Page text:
The following is an excerpt.
The truck pulled up by the concrete lab early one morning and dumped the grey mass into forms and wheelbarrows. As you can see in this time-lapse video*, it kept students and staff very busy getting the moulding done.
The reason for all this effort is one of this spring’s master theses at SIMLab and SFI CASA. Students Vetle Solheim Gjesdal and Øystein Eirik Kvist Jacobsen have put up on the task of examining «Projectile impact on plain and reinforced concrete slabs».
Frequently used in protective structures
Concrete is everywhere. It’s underfoot as we walk pavements and streets and it keeps our houses off the ground. It’s the stuff cities are made of. However, Gjesdal and Jacobsen’s MSc thesis’s backdrop is the frequent use of the material in protective structures where weight and space limitations are no issues. This makes concrete of particular interest in fortification installations for defence purposes.
Due to its widespread use in critical infrastructure, many studies on the behaviour of concrete components exposed to extreme loadings such as ballistic impact can be found in the open literature. However, the results are somewhat inconsistent, and further research is required.
Aim to reveal the ballistic capacity
The student´s cast slabs are 100 mm thick, and together with appurtenant material specimens, they are now stored for curing. When hardened and ready, they will subject them to impact from ogive-nose steel projectiles in SIMLab’s ballistic range. The aim is to reveal their ballistic capacity.
Vetle Solheim Gjesdal and Øystein Eirik Kvist Jacobsen will examine the perforation resistance of plain and reinforced concrete, both experimentally and numerically. In these tests, the effect of rebars on the perforation resistance is of particular interest. All component tests will be done in combination with relevant material tests instrumented with digital image correlation (DIC), which is an optical technique for measuring strain and displacement.
Close cooperation with the Norwegian Defence Estates Agency
The material test data will be used to calibrate proper concrete material models. Finally, numerical simulations of the component tests will be carried out using a suitable finite element solver. The data generated will be used to validate and verify some frequently used numerical methods involving impact loading of concrete structures.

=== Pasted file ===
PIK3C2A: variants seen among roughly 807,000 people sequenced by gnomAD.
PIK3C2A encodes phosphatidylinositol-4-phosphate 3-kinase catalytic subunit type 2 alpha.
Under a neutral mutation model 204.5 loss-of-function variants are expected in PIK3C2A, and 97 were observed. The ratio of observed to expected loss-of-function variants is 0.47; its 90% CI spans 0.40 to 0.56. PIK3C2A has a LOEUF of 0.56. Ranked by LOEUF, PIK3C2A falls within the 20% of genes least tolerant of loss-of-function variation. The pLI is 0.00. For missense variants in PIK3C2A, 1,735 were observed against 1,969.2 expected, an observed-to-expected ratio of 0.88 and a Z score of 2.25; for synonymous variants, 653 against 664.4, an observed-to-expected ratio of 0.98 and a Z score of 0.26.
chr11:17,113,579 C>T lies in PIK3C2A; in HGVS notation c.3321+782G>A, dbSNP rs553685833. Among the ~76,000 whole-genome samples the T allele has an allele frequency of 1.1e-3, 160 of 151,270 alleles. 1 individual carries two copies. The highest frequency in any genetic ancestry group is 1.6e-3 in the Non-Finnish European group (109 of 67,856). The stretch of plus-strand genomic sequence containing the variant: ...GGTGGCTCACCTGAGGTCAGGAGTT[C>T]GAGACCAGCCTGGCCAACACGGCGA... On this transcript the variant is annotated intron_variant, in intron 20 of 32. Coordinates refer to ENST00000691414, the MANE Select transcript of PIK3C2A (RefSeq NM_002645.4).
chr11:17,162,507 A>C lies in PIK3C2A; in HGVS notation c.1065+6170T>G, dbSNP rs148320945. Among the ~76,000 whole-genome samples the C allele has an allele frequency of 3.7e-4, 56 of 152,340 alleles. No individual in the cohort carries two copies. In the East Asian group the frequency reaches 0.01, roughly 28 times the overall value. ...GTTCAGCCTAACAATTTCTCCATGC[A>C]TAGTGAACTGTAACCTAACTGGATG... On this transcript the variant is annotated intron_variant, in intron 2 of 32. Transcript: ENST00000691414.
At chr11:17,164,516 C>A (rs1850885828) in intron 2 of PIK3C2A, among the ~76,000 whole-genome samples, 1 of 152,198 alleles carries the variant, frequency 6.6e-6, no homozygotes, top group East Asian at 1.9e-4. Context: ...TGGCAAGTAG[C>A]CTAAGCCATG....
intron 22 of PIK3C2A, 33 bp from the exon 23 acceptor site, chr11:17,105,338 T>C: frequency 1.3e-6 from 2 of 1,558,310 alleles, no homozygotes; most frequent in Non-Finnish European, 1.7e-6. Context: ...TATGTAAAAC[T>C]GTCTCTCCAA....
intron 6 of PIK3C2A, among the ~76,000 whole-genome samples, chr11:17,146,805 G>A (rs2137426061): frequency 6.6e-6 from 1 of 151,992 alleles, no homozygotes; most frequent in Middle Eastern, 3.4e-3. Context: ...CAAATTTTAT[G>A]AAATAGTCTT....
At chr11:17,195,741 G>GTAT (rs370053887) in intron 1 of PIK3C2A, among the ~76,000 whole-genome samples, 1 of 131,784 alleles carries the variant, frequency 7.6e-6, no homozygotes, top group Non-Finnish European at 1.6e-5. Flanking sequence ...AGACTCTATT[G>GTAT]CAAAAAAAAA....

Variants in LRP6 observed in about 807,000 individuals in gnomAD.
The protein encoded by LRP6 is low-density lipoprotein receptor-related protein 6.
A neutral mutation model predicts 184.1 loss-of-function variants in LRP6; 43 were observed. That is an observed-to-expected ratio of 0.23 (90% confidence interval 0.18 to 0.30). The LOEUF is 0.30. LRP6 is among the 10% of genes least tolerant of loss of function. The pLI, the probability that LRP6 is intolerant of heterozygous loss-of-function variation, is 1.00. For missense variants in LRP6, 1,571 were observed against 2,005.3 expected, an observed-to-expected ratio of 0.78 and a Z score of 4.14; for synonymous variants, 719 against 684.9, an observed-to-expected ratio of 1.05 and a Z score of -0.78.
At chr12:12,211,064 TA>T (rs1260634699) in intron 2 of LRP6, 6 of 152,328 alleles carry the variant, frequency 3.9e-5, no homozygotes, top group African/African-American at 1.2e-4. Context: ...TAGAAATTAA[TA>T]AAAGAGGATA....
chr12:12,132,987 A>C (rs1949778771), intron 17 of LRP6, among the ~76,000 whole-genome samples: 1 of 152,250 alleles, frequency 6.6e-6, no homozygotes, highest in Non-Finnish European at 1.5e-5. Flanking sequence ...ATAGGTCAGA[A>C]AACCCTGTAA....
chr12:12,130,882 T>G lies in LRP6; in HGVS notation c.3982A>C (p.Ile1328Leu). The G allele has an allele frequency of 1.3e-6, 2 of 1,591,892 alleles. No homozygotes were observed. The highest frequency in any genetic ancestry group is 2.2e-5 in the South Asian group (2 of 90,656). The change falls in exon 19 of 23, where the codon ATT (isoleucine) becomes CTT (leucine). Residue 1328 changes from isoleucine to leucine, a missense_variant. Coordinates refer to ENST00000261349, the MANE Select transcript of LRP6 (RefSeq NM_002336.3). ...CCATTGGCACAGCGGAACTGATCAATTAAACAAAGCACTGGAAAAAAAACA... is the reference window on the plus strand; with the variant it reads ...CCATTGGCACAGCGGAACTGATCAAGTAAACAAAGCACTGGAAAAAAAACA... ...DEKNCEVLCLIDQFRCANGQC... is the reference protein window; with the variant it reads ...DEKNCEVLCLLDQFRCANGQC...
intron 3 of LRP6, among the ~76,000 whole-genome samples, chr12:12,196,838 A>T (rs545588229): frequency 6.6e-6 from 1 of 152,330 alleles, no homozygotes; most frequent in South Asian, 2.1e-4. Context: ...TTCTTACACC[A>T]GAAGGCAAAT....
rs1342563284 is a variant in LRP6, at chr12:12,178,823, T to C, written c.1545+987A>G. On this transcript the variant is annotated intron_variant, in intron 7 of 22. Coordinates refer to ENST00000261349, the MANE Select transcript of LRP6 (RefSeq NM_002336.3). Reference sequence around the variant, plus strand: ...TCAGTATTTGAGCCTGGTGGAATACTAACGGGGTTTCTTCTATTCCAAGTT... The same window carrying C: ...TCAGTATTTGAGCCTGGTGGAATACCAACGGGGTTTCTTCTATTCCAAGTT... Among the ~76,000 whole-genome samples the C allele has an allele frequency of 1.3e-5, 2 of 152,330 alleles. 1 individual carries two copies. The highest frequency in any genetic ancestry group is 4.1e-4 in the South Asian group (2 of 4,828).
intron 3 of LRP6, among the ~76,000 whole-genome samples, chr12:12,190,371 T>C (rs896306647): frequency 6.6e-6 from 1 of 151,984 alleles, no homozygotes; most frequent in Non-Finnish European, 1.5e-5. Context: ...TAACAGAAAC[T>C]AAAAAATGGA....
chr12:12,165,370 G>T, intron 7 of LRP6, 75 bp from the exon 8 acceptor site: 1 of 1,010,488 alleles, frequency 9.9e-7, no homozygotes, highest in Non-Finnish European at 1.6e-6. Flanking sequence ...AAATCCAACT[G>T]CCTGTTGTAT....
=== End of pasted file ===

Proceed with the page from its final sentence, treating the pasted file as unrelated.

The project runs in close cooperation with SFI CASA partner the Norwegian Defence Estates Agency. Supervisors are Professor Tore Børvik and Researcher Martin Kristoffersen, together with NDEA research engineers Sumita Dey and Oda L. Toreskås. Post doc Andria Antoniou at SFI CASA is also involved.
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The work is a continuation of a previous project from 2019. Back then, Guri Lillehaug and Marte Vestermo Nesje studied combined impact and blast loading on concrete plates. They did tests in both the ballistic range and the shock tube. The aim was to explore a shockwave effect when the material is already damaged by a missile impact.
READ MORE: Students Preparing to Attack Concrete
In all, 17 students are now set out to work on master’s theses at SIMLab and SFI CASA. The thesis requires 20 full-time weeks of work. For SIMLab and SFI CASA, the master’s students are essential contributors from research and testing to transferring and implementing technology in the industry. The MSc theses should be submitted to the Department of Structural Engineering, NTNU, no later than 11 June.
Here is the full list:
*The time-lapse video is made by staff engineer Steinar Seehus.